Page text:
Mr. Clemente had been asked to take part in the collection of funds by Luis Vigoraux, a television producer.

“He did not just lend his name to the fund-raising activities the way some famous personalities do,” said Mr. Vigoraux. “He took over the entire thing, arranging for collection points, publicity and the transportation to Nicaragua.”

Mr. Clemente’s relief organization had collected $150,000 in cash and tons of clothing and foodstuffs. More money and clothing are still being donated.

“We sent a ship loaded with supplies during the week,” said a member of the earthquake relief committee. “One of the reasons Roberto went on the plane was to get there before the ship arrived to see the supplies were distributed properly.”


News of Mr. Clemente’s death plunged Puerto Rico into mourning.

Gov. Louis A. Ferre decreed three days of mourning and Governor-elect Rafael Hernandez Colon, who will be sworn into office tomorrow, ordered the cancellation of an inaugural ball and all other social activities related to the inauguration.

Roberto Clemente was 38 years old when he died. 38 years old.

His baseball feats will forever be celebrated, but Clemente went beyond that. Not a day goes by where I think of how this son of Puerto Rico represented a different type of athlete, one that we rarely see today.

I often wonder: “what if Clemente were still alive today?” He would be baseball’s premiere Latino ambassador, sure, but he would be marching with the justice-seekers, speaking out against violence, and calling for a better world. As PBS’ American Experience says, “Clemente was an exceptional baseball player and humanitarian whose career sheds light on larger issues of immigration, civil rights and cultural change. He would die in a tragic plane crash.”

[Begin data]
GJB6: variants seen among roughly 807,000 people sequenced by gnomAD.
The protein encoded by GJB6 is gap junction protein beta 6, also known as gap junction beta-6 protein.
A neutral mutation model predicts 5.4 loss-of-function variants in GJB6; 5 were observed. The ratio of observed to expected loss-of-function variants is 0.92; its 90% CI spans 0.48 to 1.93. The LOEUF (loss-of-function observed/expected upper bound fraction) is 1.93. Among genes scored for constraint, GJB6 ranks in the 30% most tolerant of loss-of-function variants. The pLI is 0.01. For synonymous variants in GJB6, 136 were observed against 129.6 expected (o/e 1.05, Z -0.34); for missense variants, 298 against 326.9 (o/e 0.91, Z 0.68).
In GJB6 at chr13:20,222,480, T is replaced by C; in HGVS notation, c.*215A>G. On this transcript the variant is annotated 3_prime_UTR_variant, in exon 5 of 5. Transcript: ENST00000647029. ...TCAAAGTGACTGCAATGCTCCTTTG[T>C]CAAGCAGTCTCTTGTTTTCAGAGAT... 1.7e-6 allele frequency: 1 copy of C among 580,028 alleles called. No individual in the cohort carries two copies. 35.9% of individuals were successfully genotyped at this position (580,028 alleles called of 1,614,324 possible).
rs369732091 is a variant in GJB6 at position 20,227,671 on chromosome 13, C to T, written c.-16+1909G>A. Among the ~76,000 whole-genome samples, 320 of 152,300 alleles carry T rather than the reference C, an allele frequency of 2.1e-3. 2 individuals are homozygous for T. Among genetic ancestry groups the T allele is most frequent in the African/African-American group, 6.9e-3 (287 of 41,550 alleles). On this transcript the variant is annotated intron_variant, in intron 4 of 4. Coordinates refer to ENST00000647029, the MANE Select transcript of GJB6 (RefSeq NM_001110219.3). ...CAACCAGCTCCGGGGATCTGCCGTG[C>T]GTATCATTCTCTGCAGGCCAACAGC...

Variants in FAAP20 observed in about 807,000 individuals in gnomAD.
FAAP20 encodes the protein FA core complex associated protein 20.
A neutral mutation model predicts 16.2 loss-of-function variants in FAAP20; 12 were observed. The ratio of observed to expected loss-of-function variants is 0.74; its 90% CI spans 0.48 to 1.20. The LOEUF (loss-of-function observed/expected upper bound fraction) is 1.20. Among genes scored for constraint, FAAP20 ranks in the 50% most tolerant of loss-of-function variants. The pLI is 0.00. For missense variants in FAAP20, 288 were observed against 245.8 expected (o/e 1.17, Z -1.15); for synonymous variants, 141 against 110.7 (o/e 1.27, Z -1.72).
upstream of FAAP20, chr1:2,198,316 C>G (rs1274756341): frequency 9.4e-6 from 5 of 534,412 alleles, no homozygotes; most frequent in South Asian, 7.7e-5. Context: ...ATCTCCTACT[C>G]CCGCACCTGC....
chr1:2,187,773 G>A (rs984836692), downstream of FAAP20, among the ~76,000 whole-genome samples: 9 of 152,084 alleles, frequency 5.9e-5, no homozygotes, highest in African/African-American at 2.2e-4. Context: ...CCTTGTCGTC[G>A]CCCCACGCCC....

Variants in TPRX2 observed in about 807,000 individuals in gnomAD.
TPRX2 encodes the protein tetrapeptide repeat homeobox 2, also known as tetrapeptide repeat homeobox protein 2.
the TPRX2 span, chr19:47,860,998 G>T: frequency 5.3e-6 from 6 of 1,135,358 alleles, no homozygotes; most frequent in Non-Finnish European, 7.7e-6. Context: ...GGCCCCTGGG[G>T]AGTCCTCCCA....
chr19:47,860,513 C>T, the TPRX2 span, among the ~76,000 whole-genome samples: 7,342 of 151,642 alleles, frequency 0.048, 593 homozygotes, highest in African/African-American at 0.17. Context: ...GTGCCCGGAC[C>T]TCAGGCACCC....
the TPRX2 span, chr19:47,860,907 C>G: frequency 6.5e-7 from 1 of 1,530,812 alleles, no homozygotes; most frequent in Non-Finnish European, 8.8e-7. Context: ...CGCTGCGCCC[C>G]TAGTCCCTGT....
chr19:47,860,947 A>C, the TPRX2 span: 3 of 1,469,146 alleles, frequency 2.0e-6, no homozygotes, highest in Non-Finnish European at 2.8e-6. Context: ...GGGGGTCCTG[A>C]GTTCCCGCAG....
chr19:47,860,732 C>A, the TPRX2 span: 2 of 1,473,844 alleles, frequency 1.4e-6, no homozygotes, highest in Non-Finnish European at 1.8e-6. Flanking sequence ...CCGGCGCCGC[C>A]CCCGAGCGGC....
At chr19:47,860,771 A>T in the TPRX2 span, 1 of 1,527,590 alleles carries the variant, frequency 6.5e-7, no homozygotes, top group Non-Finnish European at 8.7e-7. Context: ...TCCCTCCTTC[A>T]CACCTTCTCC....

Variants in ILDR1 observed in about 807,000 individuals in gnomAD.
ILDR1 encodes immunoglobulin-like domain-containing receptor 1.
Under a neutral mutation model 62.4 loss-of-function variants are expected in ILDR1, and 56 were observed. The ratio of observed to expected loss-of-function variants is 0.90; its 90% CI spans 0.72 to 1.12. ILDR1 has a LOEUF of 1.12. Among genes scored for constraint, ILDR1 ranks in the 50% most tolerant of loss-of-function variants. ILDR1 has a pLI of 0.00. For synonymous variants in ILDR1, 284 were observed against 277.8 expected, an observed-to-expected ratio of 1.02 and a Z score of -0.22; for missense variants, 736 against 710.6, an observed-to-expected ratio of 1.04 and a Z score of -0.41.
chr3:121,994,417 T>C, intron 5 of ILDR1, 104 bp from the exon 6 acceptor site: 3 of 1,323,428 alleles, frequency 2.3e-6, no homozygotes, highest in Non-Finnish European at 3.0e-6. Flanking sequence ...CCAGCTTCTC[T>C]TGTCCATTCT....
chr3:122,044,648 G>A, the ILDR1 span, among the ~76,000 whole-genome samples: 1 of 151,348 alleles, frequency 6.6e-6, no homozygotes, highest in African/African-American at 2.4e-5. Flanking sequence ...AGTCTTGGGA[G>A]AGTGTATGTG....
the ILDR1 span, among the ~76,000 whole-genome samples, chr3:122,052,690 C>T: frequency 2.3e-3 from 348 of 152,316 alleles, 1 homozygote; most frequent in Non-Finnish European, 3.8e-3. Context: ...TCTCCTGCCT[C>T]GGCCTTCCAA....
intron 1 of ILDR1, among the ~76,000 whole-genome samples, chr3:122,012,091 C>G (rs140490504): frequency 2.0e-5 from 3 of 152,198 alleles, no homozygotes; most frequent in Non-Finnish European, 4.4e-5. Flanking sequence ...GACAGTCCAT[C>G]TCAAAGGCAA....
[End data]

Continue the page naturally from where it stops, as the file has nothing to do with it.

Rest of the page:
And that is why I struggle a bit every December 31. Clemente was so much more than a baseball player, but it was baseball that transcended him into places he would have never reached. I have friends from the Pittsburgh area who still consider Clemente the greatest Pirate ever. Everyone loved and admired Roberto (even those who called him “Bobby,” not knowing any better.) The Puerto Rican taking over Pittsburgh. That’s how it happens. That’s how we become a better world. When cultures blend, and we find commonalities and we celebrate achievements.

That is why I know that we can all be like Clemente. You can still stand for what you believe in,  you never have to settle, and still treat people with love, grace, and respect.


His son said it best when he told PBS the following:

I would like for people to see my father as an inspiration. To see him as a person who came from, you know, not a rich neighborhood or anything, but from a noble house in Puerto Rico. Probably with no hopes of knowing what he was going to become, but carrying himself in such a way that always had — you know, the values. That was always first. The caring and respect for the parents and siblings, and towards people. Zero tolerance against injustice. Not putting up with being put down. Becoming an activist and letting his message get across very strongly. That should be an inspiration to everyone… understanding how a single individual really truly makes a difference.
— Luis Clemente, son

This New Year’s Eve I still long for the possibilities of what the world COULD have been with Clemente here. Instead, the best I can do is just try and remember that each of us can truly make a difference. This is what Roberto means to me, and this is why I will be #21Forever.

Now I have a 10-year-old son who shares my love of Clemente. And when my son asks me about Roberto, I can show him game footage and tell him stories from my abuelo, my dad, and some Latino baseball legends I had the pleasure to meet in my lifetime (I will never ever forget when the great Mike Cuellar told me and my brothers about the Game 7 homerun Clemente hit off of him at the 1971 World Series). But even when my son and I talk baseball, I also tell him that Clemente was always larger that just baseball. He was a great human being who tried to make a difference. And he succeeded.

¡Que viva Roberto! #21Forever.